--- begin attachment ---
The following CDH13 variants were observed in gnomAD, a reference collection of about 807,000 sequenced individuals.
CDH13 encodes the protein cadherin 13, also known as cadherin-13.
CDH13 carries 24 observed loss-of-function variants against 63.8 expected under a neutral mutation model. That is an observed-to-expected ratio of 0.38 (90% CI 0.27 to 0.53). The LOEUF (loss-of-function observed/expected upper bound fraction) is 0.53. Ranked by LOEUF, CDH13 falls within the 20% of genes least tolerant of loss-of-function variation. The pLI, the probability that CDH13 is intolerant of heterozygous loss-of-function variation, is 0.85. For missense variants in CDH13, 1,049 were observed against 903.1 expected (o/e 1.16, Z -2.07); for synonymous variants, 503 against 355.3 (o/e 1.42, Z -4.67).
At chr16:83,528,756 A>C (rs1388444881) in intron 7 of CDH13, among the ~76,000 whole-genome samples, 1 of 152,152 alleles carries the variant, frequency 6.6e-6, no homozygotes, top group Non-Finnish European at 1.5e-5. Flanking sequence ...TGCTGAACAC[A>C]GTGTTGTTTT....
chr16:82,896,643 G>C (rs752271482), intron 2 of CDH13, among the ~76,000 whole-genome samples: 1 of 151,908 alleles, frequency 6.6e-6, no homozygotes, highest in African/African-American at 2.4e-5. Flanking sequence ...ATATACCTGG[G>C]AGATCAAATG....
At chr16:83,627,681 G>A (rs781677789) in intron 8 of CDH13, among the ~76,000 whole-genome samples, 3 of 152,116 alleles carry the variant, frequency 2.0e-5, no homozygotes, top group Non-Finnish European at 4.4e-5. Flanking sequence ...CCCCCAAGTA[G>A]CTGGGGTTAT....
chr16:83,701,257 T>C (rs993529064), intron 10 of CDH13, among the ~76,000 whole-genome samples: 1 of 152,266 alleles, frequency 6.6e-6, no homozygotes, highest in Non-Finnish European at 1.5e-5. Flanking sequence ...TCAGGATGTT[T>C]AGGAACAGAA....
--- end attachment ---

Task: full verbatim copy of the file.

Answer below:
The following CDH13 variants were observed in gnomAD, a reference collection of about 807,000 sequenced individuals.
CDH13 encodes the protein cadherin 13, also known as cadherin-13.
CDH13 carries 24 observed loss-of-function variants against 63.8 expected under a neutral mutation model. That is an observed-to-expected ratio of 0.38 (90% CI 0.27 to 0.53). The LOEUF (loss-of-function observed/expected upper bound fraction) is 0.53. Ranked by LOEUF, CDH13 falls within the 20% of genes least tolerant of loss-of-function variation. The pLI, the probability that CDH13 is intolerant of heterozygous loss-of-function variation, is 0.85. For missense variants in CDH13, 1,049 were observed against 903.1 expected (o/e 1.16, Z -2.07); for synonymous variants, 503 against 355.3 (o/e 1.42, Z -4.67).
At chr16:83,528,756 A>C (rs1388444881) in intron 7 of CDH13, among the ~76,000 whole-genome samples, 1 of 152,152 alleles carries the variant, frequency 6.6e-6, no homozygotes, top group Non-Finnish European at 1.5e-5. Flanking sequence ...TGCTGAACAC[A>C]GTGTTGTTTT....
chr16:82,896,643 G>C (rs752271482), intron 2 of CDH13, among the ~76,000 whole-genome samples: 1 of 151,908 alleles, frequency 6.6e-6, no homozygotes, highest in African/African-American at 2.4e-5. Flanking sequence ...ATATACCTGG[G>C]AGATCAAATG....
At chr16:83,627,681 G>A (rs781677789) in intron 8 of CDH13, among the ~76,000 whole-genome samples, 3 of 152,116 alleles carry the variant, frequency 2.0e-5, no homozygotes, top group Non-Finnish European at 4.4e-5. Flanking sequence ...CCCCCAAGTA[G>A]CTGGGGTTAT....
chr16:83,701,257 T>C (rs993529064), intron 10 of CDH13, among the ~76,000 whole-genome samples: 1 of 152,266 alleles, frequency 6.6e-6, no homozygotes, highest in Non-Finnish European at 1.5e-5. Flanking sequence ...TCAGGATGTT[T>C]AGGAACAGAA....